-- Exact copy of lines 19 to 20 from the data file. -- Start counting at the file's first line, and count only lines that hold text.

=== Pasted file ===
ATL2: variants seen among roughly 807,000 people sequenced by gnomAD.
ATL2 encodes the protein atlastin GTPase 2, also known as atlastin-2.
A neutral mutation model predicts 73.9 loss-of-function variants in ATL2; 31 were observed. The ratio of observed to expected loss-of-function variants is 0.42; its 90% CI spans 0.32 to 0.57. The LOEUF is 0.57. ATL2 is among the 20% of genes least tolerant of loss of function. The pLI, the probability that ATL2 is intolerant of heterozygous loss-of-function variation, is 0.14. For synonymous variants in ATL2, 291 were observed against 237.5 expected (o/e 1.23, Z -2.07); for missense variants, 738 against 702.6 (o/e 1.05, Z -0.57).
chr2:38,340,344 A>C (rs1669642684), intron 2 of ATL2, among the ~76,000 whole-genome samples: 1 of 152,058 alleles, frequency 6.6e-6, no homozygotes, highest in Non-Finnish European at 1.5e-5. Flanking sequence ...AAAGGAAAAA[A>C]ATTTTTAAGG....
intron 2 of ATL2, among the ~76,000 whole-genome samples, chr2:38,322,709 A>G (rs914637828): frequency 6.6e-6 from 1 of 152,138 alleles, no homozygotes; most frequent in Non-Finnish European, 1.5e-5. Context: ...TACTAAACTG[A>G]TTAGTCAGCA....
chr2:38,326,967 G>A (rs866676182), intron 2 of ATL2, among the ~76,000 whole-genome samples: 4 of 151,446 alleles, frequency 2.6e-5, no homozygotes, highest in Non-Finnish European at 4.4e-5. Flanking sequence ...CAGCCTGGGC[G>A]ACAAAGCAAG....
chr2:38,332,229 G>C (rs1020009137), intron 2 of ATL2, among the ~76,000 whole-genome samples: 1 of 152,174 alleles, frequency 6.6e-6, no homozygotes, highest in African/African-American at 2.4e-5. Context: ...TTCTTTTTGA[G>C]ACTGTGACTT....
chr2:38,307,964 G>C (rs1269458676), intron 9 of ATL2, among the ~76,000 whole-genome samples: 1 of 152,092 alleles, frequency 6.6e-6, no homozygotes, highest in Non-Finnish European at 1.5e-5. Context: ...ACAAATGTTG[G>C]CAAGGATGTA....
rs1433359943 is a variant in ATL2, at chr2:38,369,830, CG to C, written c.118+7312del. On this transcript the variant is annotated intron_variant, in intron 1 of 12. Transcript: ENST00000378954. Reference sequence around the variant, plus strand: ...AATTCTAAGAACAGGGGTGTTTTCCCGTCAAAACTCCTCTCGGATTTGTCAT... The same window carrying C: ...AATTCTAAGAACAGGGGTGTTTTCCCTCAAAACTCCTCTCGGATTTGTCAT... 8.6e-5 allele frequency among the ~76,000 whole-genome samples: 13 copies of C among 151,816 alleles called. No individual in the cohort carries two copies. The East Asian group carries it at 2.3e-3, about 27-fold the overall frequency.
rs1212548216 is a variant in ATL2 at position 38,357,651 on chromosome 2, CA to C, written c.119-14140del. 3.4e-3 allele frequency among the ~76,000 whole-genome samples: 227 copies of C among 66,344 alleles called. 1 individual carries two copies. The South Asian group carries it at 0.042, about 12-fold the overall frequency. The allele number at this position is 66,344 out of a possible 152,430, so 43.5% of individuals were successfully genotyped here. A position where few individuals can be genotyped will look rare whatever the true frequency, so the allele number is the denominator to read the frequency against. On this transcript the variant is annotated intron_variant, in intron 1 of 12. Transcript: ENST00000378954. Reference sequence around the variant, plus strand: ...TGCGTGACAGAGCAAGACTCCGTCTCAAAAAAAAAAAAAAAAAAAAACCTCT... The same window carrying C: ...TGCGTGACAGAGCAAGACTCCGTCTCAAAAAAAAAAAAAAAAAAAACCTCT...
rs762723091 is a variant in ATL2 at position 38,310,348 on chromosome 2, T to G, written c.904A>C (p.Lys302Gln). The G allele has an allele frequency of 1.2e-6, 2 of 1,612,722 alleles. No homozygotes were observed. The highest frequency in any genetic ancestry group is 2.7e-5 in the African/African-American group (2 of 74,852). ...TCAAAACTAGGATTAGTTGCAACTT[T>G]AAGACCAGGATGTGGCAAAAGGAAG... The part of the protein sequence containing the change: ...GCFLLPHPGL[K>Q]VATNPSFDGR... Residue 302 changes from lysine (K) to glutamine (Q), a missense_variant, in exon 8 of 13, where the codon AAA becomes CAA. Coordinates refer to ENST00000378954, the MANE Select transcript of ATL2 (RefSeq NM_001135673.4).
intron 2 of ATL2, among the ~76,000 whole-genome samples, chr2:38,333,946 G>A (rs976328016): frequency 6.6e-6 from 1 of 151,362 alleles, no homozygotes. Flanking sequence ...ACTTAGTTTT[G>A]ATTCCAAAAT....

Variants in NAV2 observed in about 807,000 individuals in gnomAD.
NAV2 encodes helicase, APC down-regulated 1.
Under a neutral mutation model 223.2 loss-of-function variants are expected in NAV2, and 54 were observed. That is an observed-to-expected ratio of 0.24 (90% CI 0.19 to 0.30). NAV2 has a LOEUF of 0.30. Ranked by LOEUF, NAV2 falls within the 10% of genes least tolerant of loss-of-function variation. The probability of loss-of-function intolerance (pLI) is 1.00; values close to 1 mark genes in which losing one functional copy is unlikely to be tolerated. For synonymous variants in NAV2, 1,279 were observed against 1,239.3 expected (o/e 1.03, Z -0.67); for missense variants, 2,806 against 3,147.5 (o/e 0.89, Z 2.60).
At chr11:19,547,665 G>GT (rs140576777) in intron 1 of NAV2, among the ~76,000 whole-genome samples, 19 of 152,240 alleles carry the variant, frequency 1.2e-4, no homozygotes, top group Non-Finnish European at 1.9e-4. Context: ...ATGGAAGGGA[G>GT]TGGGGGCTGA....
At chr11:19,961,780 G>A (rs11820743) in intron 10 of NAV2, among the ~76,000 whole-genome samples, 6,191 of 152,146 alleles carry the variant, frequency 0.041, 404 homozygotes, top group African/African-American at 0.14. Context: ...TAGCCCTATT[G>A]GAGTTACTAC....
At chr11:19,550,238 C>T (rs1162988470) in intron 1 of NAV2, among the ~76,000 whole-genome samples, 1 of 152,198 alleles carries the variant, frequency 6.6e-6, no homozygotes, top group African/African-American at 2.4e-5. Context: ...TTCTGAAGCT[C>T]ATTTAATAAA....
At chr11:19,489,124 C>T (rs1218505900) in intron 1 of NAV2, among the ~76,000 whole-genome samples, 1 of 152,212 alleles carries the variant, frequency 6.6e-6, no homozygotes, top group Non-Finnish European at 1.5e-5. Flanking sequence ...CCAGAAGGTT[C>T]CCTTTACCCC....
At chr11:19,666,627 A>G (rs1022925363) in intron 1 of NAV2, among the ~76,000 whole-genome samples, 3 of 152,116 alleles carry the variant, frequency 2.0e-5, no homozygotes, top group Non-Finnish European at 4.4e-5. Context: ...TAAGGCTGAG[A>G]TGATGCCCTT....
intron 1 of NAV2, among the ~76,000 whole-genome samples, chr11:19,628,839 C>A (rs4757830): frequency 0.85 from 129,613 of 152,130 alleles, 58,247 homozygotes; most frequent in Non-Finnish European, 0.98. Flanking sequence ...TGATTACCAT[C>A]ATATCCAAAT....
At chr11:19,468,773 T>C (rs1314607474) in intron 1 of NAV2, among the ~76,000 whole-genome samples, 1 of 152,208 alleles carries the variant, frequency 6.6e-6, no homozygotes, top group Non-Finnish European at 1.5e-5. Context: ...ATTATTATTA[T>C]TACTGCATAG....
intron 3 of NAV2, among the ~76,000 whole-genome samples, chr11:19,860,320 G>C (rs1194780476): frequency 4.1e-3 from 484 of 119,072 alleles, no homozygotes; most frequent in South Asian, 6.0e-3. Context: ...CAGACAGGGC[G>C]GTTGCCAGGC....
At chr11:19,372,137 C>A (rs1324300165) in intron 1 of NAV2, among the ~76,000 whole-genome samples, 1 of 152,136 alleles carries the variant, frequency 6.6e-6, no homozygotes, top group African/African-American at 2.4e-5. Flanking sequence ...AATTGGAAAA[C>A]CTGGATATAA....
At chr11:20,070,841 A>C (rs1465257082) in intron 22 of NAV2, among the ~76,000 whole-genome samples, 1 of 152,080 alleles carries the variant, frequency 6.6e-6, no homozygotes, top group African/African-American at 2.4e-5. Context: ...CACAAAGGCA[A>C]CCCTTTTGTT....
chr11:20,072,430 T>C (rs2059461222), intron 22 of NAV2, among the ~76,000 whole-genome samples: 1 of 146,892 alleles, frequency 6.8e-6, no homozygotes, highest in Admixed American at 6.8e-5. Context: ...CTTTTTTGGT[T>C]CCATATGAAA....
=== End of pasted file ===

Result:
At chr11:19,489,124 C>T (rs1218505900) in intron 1 of NAV2, among the ~76,000 whole-genome samples, 1 of 152,212 alleles carries the variant, frequency 6.6e-6, no homozygotes, top group Non-Finnish European at 1.5e-5. Flanking sequence ...CCAGAAGGTT[C>T]CCTTTACCCC....
At chr11:19,666,627 A>G (rs1022925363) in intron 1 of NAV2, among the ~76,000 whole-genome samples, 3 of 152,116 alleles carry the variant, frequency 2.0e-5, no homozygotes, top group Non-Finnish European at 4.4e-5. Context: ...TAAGGCTGAG[A>G]TGATGCCCTT....